Councils in Northern Ireland have spent more than £165,000 of ratepayers' cash on luxury vehicles for mayors and chairmen over the past three years.
In total, six of our 11 councils have 10 vehicles for their first citizens, according to a report by a spending watchdog.
The TaxPayers' Alliance found that, since 2015, 207 local authorities across the UK spent £4.5m on cars for mayors, lord mayors, lord provosts and chairmen.
This includes spends on fuel, maintenance, tax and other associated costs.
Over that same time period, the total bill for Northern Ireland's mayoral cars was £165,286.
Local authorities here spent £101,554 on buying and leasing cars over the three-year period, from April 2015 to March this year.
Ten cars are owned or leased by local authorities across Northern Ireland for the use of the mayor or equivalent figure.
The vehicles used by local councils' mayors were two Audis, two BMWs, a Chrysler and two Fords alongside three other Peugeot, Skoda and Vauxhall models.
Two councils - Antrim and Newtownabbey and Derry City and Strabane - spent £1,290 of ratepayers' money on personalised number plates, while others purchased their vehicles many years ago.
Eimhear Macfarlane, the Northern Ireland coordinator of the TaxPayers' Alliance, said: "At a time when the cost of living is rising and wage growth is sluggish, taxpayers will not welcome news of excessive spending.
"Some travel will, of course, be necessary to conduct duties, but spending money on luxury saloons for politicians to attend functions is clearly wasteful," she added.
The highest spend was by Antrim and Newtownabbey Borough Council, with a £48,421 bill for its Audi A8 3.0 TDI Quattro SE.
This was leased at a cost of £33,531, with £10,013 spent on fuel, £4,183 on maintenance and £691 on personalised number plates.
A spokesman for the council said: "The mayoral car is used under terms approved by council in fulfilment of the mayor's duties as frst citizen, however, the deputy mayor makes use of the vehicle when not in use by the mayor.
"With the creation of a much larger council area on April 1, 2015, the number of engagements increased significantly along with the distances travelled by the mayoral car.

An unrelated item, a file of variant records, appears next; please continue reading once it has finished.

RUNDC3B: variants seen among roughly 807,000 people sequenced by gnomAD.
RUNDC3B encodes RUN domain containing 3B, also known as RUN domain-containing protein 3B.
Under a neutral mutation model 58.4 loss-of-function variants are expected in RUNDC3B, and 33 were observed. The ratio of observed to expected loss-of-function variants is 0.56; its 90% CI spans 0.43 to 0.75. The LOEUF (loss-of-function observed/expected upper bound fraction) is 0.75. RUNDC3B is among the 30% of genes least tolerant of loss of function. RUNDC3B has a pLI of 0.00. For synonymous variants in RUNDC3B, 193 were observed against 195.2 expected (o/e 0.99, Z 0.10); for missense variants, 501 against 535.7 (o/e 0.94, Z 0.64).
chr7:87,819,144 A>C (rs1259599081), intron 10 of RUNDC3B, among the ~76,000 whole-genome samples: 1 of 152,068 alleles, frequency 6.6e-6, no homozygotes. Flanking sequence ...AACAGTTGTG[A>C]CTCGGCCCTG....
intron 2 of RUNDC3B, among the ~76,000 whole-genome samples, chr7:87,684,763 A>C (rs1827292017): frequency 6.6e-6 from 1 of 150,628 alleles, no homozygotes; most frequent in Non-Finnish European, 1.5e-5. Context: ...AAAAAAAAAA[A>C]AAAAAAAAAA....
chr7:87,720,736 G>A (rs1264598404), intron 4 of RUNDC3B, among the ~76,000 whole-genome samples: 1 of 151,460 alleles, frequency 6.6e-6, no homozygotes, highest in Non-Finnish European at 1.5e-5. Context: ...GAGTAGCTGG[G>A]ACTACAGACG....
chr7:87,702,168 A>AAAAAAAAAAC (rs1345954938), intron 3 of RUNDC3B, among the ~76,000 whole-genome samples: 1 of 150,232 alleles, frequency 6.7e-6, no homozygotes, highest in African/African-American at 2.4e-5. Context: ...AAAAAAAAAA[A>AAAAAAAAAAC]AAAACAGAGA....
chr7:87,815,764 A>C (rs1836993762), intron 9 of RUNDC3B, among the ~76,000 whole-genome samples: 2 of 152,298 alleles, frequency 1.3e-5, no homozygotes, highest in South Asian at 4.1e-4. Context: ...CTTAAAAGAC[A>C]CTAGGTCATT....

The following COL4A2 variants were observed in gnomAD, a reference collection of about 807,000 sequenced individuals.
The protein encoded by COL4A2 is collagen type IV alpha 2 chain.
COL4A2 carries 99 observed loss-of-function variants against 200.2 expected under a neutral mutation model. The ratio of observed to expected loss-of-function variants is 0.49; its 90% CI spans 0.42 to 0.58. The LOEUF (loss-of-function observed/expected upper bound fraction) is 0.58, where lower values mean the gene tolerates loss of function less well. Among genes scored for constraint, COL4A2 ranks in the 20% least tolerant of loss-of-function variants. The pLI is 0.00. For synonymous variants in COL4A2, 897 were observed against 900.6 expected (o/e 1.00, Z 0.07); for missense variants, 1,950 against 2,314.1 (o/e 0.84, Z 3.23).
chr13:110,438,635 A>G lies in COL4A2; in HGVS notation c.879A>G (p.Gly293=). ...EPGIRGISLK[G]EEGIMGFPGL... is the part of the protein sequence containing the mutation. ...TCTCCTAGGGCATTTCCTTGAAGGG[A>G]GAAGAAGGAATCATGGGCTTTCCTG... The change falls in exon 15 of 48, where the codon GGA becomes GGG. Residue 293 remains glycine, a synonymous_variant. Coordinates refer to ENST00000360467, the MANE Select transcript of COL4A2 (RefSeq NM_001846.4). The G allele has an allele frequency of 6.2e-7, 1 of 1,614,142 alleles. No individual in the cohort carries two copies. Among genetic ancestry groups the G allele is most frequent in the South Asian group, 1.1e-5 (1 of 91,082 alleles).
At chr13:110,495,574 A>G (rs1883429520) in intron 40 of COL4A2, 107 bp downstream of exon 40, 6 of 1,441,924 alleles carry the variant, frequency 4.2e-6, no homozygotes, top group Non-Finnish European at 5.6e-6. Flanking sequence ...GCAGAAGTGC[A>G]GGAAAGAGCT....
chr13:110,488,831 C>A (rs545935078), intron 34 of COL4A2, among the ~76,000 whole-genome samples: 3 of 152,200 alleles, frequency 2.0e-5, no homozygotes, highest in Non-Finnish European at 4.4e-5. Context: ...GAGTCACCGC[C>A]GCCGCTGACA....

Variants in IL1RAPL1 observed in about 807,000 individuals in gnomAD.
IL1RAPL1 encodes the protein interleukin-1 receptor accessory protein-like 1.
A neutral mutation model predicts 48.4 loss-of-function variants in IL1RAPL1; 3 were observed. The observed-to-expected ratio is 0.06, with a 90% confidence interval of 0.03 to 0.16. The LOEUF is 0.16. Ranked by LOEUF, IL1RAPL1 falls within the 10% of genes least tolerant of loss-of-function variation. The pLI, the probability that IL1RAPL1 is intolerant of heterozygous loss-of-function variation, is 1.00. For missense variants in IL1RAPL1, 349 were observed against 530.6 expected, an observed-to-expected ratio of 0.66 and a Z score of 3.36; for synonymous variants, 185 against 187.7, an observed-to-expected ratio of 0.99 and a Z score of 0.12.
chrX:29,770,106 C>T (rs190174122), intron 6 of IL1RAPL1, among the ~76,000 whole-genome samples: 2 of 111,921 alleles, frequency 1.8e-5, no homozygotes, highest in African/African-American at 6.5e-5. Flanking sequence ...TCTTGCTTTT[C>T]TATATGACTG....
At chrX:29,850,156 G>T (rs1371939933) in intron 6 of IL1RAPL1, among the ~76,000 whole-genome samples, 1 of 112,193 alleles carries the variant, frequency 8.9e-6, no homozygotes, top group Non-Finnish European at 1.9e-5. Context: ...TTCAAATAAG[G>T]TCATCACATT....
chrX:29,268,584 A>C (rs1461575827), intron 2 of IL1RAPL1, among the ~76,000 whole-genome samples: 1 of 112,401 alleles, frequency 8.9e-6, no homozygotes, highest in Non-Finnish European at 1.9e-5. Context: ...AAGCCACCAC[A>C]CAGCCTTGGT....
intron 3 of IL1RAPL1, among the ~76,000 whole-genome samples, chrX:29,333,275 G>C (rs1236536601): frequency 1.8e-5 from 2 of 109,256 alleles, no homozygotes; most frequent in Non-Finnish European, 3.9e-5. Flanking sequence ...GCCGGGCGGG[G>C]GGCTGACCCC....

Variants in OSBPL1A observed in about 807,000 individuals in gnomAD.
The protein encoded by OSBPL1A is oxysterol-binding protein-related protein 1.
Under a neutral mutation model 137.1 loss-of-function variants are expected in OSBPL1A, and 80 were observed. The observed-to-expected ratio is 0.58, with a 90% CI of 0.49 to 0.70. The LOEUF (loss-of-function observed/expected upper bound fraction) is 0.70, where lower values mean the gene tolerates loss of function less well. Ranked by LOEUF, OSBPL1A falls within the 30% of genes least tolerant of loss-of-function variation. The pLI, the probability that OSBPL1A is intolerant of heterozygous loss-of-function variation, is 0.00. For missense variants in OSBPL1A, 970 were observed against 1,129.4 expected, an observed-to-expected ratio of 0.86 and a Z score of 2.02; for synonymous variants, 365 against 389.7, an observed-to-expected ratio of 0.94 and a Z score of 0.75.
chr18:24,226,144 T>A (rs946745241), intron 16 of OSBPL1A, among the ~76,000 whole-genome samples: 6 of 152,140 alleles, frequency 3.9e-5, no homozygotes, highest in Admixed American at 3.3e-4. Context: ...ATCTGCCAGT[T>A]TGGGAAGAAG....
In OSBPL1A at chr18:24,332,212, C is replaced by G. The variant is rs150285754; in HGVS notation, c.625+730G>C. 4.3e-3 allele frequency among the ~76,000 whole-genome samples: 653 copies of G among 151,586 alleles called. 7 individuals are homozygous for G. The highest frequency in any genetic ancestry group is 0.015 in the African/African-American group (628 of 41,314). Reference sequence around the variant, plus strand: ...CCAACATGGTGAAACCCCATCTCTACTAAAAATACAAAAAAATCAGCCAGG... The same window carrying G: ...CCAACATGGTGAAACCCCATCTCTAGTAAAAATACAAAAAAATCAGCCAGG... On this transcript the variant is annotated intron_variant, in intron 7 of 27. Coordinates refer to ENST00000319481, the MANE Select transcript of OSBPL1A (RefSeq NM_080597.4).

"In addition, other elected members and officers make use of the mayoral car to transport them to events, along with the mayor, thereby reducing the number of mileage claims."
Derry City and Strabane came in second, with a three-year spend of £41,774 for two Ford cars - a Mondeo and Vignale.
These were purchased at a cost of £34,450, while the fuel and maintenance bill came to £6,724. Personalised number plates cost a further £600.
A spokesman for Derry City and Strabane District Council advised that it has spent an average of £16,200 per annum on mayoral cars since April 2015.
"The total spend includes the purchase of one car and associated maintenance and fuel costs. The council considers the cars essential in allowing the mayor to attend as many community and business events as possible throughout the council area and beyond," the spokesman added.
In the case of Belfast City Council's total spend of £36,186, their fleet of three cars includes a Peugeot 607 Executive, which the manufacturer stopped producing in 2009, but which the council says it owns.
The two other vehicles in the Belfast fleet are a BMW 7 Series and BMW 730 Series. The lease bill is £17,894 while fuel for the three cars cost £8,280 and £9,921 was spent on maintenance.
A spokesman for Belfast City Council said as it is the largest council in Northern Ireland, it therefore requires additional resources to meet greater operational demand.
"Belfast City Council has three vehicles in order to adequately provide the necessary transport for civic dignitaries/official use," he said. "On average, the Lord Mayor of Belfast will attend in the region of 2,000 engagements during their term in office, with the majority of these taking place outside City Hall.
"As well as facilitating the needs of the Lord Mayor, the vehicles are used to meet the diary commitments of the Deputy Lord Mayor and High Sheriff.
"When appropriate, the Lord Mayor will walk to engagements in the city centre and will occasionally use public transport. However, due to the volume of daily engagements and time constraints between engagements, it would not be possible for the Lord Mayor to use public transport all of the time."
In Ards and North Down, the total bill was £15,126 for its one mayoral car, a Skoda Superb. This was leased at a cost of £5,770 and with fuel payments clocking up at £5,496. A further £3,858 was spent on MOT, parts and tyres, road tax and maintenance.
Mid and East Antrim spent £11,906 on a Vauxhall Insignia, which was leased for £9,817, with a fuel bill of £1,875 and £213 on maintenance.
Lisburn and Castlereagh City Council has two cars in operation, an Audi A8 and a Chrysler Grand Voyager, which have cost £11,871 to run since 2015.
The chair and vice-chair of four councils in Northern Ireland, in discharging their official duties, do not use official vehicles. They are Armagh, Banbridge and Craigavon; Fermanagh and Omagh; Mid-Ulster District Council and Newry, Mourne and Down.
Causeway Coast and Glens Borough Council did not provide a response to the request for figures.